I’ve been riding motorcycles for 26 years and cycling for 12 years. I loves me some two wheeled fun and, like most things in life, the more you know about a skill the more fun it becomes. Descending skills are sorely lacking in most triathletes so the intent of this post is to bring you several years, and potential crashes, up the downhill learning curve. Enjoy!
Rule #1: Never descend faster than your ability to react (given your skill, equipment, road conditions, etc) to what you CAN’T see.
Rule #2: Look as far through the corner as you can and look where you want to go. Don’t look at where you don’t want to go. The bike will go where your eyes are looking. Think “look at the rock, hit the rock,” which is to say that if you need to suddenly avoid something, avoid it by NOT LOOKING AT IT. Instead, look for/at your escape path. Don’t fixate on the target.
By looking as far through the corner as you can, you give yourself many, many feet to make small corrections to solve a problem many, many feet away. If you’re looking 6-10ft in front of your wheel…you only have 6-10ft to make a BIG correction = not good!
Rule #3: See rule #1
Rule #4: choose the line through a corner that gives you the best visibility through the corner, giving more time and space to adjust to what you can’t yet see.
Notes within The Rules above:
Speed is relative. We all reach a speed at which our spidey senses start to go off, we reach for the brakes, begin to get skeered, etc. The only way to increase the speed at which this happens is to absorb my tips below and then, through exposure to greater and greater speeds with your increased skill set and confidence, just get used to going faster and faster. Before long your “oh shit!!” will become just another day.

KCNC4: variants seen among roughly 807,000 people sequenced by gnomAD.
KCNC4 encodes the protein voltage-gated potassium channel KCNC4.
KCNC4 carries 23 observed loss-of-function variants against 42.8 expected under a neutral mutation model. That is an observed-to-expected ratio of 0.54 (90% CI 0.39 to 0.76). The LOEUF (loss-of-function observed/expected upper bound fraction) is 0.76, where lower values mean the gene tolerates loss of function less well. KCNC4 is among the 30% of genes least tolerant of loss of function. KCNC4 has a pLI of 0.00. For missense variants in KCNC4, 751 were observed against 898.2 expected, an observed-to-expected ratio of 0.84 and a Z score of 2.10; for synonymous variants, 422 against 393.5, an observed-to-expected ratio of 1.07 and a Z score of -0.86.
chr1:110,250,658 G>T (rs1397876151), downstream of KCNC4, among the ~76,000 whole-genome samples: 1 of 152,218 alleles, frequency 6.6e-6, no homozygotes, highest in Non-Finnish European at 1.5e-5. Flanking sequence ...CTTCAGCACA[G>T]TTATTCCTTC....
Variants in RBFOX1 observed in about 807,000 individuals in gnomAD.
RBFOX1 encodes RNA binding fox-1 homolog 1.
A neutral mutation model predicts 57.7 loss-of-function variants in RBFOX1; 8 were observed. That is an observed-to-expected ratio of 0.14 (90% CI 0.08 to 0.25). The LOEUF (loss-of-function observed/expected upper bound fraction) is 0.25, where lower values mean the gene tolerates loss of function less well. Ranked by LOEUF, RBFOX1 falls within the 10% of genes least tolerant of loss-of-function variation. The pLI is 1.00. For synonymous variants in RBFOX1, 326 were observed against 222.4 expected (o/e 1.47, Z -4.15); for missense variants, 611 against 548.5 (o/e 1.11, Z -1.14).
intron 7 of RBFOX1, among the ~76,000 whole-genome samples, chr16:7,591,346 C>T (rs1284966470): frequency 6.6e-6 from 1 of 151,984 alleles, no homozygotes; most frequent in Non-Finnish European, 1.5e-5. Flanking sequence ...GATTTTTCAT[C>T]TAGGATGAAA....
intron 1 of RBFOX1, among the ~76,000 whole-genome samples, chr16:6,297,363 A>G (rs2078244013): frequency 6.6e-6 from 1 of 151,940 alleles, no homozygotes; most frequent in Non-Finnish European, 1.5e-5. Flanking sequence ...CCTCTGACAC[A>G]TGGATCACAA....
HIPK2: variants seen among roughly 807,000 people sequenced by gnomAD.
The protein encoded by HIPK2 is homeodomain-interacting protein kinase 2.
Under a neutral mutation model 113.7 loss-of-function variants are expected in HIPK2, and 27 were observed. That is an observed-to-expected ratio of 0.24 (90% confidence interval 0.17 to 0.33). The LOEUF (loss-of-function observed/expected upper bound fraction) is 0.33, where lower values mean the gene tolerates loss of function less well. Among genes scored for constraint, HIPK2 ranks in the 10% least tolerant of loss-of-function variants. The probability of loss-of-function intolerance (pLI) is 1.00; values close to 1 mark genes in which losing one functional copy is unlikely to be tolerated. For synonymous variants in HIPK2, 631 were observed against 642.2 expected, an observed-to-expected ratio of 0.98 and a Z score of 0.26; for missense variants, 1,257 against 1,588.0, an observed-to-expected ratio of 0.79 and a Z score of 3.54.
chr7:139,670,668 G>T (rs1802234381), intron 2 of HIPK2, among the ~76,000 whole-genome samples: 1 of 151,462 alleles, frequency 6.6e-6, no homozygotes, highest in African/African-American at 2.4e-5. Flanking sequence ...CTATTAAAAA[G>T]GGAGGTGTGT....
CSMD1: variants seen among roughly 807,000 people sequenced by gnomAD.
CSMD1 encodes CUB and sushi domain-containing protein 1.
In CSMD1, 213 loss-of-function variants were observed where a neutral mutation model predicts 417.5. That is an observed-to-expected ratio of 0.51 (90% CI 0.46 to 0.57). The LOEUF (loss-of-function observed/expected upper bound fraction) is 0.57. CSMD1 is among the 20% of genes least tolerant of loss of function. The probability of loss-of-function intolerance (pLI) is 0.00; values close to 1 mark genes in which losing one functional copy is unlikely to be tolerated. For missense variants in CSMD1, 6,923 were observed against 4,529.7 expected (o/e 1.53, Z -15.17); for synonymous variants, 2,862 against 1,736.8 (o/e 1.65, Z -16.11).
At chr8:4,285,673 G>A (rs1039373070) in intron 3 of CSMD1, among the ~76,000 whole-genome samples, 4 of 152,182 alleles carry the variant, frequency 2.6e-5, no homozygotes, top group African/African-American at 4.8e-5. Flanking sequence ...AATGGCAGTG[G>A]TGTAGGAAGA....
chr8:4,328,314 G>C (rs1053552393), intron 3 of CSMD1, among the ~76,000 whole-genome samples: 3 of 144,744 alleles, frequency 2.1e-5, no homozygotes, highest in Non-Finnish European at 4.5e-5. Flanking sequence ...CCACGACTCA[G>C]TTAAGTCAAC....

- Butt off the saddle a bit, and weight shifted back a bit, maybe gripping the nose of your saddle with your thighs.
- Arms and elbows loose.
- Think of the above as giving the bike a suspension, of your legs, arms, and giving the bike some room to move round a bit under you and for you to move your weight around a bit on the bike.
- Do your best to get your braking done before the turn, while the bike is upright. When the bike is upright you can apply 100% of the available traction of the tires to slowing the bike down…braking. As the bike leans over, a percentage of that available traction is now being claimed by lateral forces, keeping the bike from sliding sideways off the road, leaving less traction available to slow the bike down. Whenever possible, in all situations, do your best to separate the actions of turning the bike and slowing the bike down.
- When braking with the bike upright, your braking should be about 70/30, front to rear: as you brake, your weight shifts forward, pressing the tire harder into the road, increasing the friction and traction (and don’t forget that you’re also pointed downhill which increases this effect). At the same time, the backend lightens up, reducing the traction available on the back wheel. If you do 70/30 back to front, you don’t have as much stopping power and you risk sliding the rear wheel.
- If you are on the brakes in a corner, I recommend you reverse this 70/30 and use the back brake more. I’ll “trail” the back brake in a corner, maybe.
- Sort of advanced: start braking the front with about 50% of your braking force, so to speak, then increase it to what you want. What you’re doing here is “loading the suspension,” giving your weight a fraction of a second to shift forward on the front wheel and build the amount of traction available to the front.